Beyond the selfie: learn (proper) mobile photography
Modern smartphones have a host of software tricks to make photos look better, plus cameras in some models that are as good as dedicated digital cameras. Almost everybody has a good quality camera in their pocket at all times now. But, as the saying goes, you can’t make a silk purse out of a sow’s ear. The technology takes care of a lot of things, like exposure, colour and effects processing, but it does not (yet) point the camera in the right place and compose a scene for you.
Just because the web is full of poorly-composed photos taken with smartphones, it doesn’t mean you have to copy that by taking equally bad shots yourself. In skilled hands the smartphone can be a powerful tool for photographic creativity. The keyword there is ‘skilled’.
You don’t need a great deal of in-depth study of photography to get the most out of your smartphone for taking pictures. Leave all that to the art school brigade. What you do need is a grounding in the above skills as applied to smartphone photography in particular, and you can get it for $18 from Esther Jacobs, an avid smartphone photographer who has created the course Mobile Photography for Beginners, which doesn’t blind you with jargon and delivers the skills on a need-to-know basis.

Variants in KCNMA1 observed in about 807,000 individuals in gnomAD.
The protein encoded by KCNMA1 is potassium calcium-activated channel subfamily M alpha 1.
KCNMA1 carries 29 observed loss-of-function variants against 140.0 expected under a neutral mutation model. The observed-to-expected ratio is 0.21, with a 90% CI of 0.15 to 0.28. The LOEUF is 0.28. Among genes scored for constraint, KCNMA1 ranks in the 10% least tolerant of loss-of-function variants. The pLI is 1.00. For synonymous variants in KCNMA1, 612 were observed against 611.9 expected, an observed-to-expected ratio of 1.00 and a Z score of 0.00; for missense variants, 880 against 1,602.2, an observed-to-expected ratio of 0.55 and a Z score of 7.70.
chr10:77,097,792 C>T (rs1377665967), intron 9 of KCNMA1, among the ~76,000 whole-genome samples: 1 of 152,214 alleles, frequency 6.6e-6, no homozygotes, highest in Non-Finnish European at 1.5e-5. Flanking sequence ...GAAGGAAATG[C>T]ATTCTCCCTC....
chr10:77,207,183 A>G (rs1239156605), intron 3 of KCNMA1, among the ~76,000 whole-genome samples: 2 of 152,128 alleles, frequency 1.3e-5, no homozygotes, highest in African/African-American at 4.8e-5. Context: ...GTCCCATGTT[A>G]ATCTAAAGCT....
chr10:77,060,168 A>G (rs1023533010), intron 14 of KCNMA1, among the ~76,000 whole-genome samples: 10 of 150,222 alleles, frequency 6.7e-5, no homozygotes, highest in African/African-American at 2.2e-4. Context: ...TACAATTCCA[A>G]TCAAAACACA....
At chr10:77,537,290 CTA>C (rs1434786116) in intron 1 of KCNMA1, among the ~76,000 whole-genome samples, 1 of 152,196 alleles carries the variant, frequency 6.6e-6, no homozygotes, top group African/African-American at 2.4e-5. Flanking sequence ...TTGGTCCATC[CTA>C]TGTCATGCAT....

Your Instagram and Facebook pages are an important part of your digital identity. They reflect who you are. This is even more the case with business Instagram accounts (other social media are available). Quality photos can lead to boosted popularity and hence revenue. Mastering the fundamentals of smartphone photography can be a good investment to make. Good photos grow your personal and business brands. To get there, you need to move beyond point and shoot and into more creative territory.
A few essentials to improve your smartphone photography include using gridlines, deciding which areas will be in focus, using exposure creatively, how to do black and white, how to photograph in natural versus artificial light, what to do in low light situations, foreground, background, bokeh and leading lines. Post processing skills include cropping for social media channels, filters, and apps like Snapseed and Adobe Lightroom CC.